The Natal Native Rebellion Medal was a British campaign medal that was authorised by the Natal Government and King Edward VII on the 9th May, 1907 to those who had taken part in the suppression of the Zulu Rising in 1906.
It is stated that the cause of the rebellion was the native refusal to pay hut taxes, followed by the murder of two Natal policemen on 8th February, 1906. The revolt continued until colonial troops managed to surround the rebels at Mome Gorge. Between 3,000 and 4,000 Zulus were killed during the revolt, some of whom died fighting on the side of the Natal government. More than 7,000 were imprisoned, and 4,000 flogged.
The medal was only issued in silver, and is the only medal which bears the sovereign’s head facing to the right
To qualify for the Natal Native Rebellion Medal, a solider or policeman had to serve in the field for at least 28 days between 11th February, 1906 and 3rd August 1906. Those who had served for 50 days or longer, which most recipients did, qualified for the ‘1906’ Clasp to the medal.
Materials: The majority of the British medals and clasps are made of solid silver, though some were issue in bronze versions, mainly to Indian non-combatants. The majority of the British campaign awards are circular, usually 36mm in diameter.
Ribbons: Medals are worn suspended from their own specific ribbons. These were first made of silk but cotton was increasingly used as the nineteenth century developed. Their own colours often have a symbolic significance: the equal stripes of the ‘1939 to 1945 Star,’ for example, are dark blue to represent the service of the Royal and Merchant Navies, red, to represent that of the Armies and light blue to represent that of Air Forces.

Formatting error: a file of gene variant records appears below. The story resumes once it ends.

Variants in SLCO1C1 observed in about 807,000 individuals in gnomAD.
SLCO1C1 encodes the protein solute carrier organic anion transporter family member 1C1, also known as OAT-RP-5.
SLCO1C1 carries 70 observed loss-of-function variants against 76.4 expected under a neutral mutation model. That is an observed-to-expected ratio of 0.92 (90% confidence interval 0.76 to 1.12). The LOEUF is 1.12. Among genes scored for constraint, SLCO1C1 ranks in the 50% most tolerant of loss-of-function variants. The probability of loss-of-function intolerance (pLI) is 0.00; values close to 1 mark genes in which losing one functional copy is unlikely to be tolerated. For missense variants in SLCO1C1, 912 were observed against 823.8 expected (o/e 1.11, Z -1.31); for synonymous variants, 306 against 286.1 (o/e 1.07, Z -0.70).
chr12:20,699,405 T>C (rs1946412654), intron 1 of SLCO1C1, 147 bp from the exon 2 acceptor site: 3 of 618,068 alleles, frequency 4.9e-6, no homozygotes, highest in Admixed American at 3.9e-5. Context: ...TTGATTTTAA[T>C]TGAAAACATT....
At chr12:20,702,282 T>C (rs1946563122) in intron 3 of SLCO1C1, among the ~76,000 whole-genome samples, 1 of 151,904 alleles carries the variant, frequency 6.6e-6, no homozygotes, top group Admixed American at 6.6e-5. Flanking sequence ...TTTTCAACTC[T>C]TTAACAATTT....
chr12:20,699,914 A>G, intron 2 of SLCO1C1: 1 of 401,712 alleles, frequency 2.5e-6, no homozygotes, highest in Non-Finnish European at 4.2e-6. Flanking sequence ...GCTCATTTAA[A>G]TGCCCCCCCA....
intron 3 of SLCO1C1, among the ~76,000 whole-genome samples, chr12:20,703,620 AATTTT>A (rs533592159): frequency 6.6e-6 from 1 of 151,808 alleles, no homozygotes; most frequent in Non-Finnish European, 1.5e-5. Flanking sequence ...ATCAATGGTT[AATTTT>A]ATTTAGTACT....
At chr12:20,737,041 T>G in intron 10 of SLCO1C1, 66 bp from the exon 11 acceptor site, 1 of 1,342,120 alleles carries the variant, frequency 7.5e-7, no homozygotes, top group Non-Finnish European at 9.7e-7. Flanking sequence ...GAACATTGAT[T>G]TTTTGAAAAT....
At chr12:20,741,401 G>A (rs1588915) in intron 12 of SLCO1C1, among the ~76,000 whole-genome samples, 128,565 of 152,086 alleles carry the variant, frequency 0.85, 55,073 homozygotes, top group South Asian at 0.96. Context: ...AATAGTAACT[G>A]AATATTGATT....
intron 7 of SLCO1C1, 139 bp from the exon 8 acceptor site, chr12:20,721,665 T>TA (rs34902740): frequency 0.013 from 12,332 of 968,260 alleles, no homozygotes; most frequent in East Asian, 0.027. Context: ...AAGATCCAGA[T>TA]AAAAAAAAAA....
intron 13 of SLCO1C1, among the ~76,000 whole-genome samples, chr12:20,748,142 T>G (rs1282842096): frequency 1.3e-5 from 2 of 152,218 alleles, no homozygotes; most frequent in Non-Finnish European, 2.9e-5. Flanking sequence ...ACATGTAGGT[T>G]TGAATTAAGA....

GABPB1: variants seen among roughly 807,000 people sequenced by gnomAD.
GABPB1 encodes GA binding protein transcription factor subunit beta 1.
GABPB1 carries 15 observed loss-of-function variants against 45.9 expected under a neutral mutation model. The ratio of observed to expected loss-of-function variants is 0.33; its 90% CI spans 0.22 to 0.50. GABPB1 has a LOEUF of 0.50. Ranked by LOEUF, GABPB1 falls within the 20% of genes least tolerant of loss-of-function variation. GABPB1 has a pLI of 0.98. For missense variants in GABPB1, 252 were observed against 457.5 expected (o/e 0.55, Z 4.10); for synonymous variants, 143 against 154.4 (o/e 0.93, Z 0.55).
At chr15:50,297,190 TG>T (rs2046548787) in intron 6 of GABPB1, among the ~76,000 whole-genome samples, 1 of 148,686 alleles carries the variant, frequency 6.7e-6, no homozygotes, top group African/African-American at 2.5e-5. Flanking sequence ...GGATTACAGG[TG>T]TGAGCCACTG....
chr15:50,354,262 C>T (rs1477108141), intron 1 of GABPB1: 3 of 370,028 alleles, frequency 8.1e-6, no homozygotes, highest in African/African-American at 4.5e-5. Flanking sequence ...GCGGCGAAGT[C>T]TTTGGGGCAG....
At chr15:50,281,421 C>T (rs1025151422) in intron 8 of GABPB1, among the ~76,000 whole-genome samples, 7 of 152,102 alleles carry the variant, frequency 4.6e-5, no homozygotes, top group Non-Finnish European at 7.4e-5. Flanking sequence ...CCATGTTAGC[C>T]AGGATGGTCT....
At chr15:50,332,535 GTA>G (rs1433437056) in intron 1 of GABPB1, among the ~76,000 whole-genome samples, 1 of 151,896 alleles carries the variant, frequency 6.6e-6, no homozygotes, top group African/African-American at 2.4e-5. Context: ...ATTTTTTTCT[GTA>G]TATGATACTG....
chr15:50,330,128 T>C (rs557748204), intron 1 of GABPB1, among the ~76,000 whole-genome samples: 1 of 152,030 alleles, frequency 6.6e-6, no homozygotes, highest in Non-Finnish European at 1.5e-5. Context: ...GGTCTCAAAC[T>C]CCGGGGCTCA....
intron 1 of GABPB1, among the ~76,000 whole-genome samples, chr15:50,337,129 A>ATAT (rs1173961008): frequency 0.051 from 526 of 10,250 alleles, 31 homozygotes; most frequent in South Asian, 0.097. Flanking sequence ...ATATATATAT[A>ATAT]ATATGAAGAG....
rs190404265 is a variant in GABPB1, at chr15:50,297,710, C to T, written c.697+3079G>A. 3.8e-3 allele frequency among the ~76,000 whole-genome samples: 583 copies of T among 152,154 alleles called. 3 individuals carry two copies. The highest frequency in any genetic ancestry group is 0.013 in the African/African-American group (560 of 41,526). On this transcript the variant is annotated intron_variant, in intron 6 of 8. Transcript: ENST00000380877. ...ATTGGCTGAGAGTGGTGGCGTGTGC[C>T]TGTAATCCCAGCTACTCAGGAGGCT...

Ribbon width can vary slightly though it is generally 32mm wide.
Ribbon - Crimson with black bands down the edges.
Type – Military campaign medal
Eligibility - Military and Police Forces
Awarded for - Campaign service
Campaign - Bambatha Rebellion, 1906
Established – 1907
Total awarded – 9,622
Designer – Designed and manufactured by the Goldsmiths and silversmiths Co., London.
Naming – Impressed in thin block capitals.
Suspender – Straight (plain)
Clasps – One issued
Description: A 36mm in diameter circular silver medal. The obverse of the medal depicts the uncrowned head of King Edward VII facing right, surrounded by the legend "EDWARDVS VII REX IMPERATOR" around the perimeter. The reverse displays in the centre figures of Britannia and Natalia. The former is holding an orb of the empire, surmounted by the figure of Peace in her hand, and Natalia is holding a large sword in her right hand against a background of a landscape with Zulu huts and the sun emerging from behind storm clouds. In the exergue is the word “NATAL”
Clasps are usually referred to as ‘bars’. They are single-faced metal bars carried on a ribbon attached to the medal, indicating the recipient’s service in a particular campaign or battle. The clasps carry side flanges to enable them to be attached to the medal and riveted to each other, so that new ones can be attached as earned. Usually the first earned Clasp is closest to the medal, so that the latest earned should be at the top, although they can be found in the wrong order.
Those who served for 50 days on active service were awarded the bar ‘1906’ and 9,622 medals were issued about 20% being without bar.
Major L L Gordon ‘British Battles and Medals’
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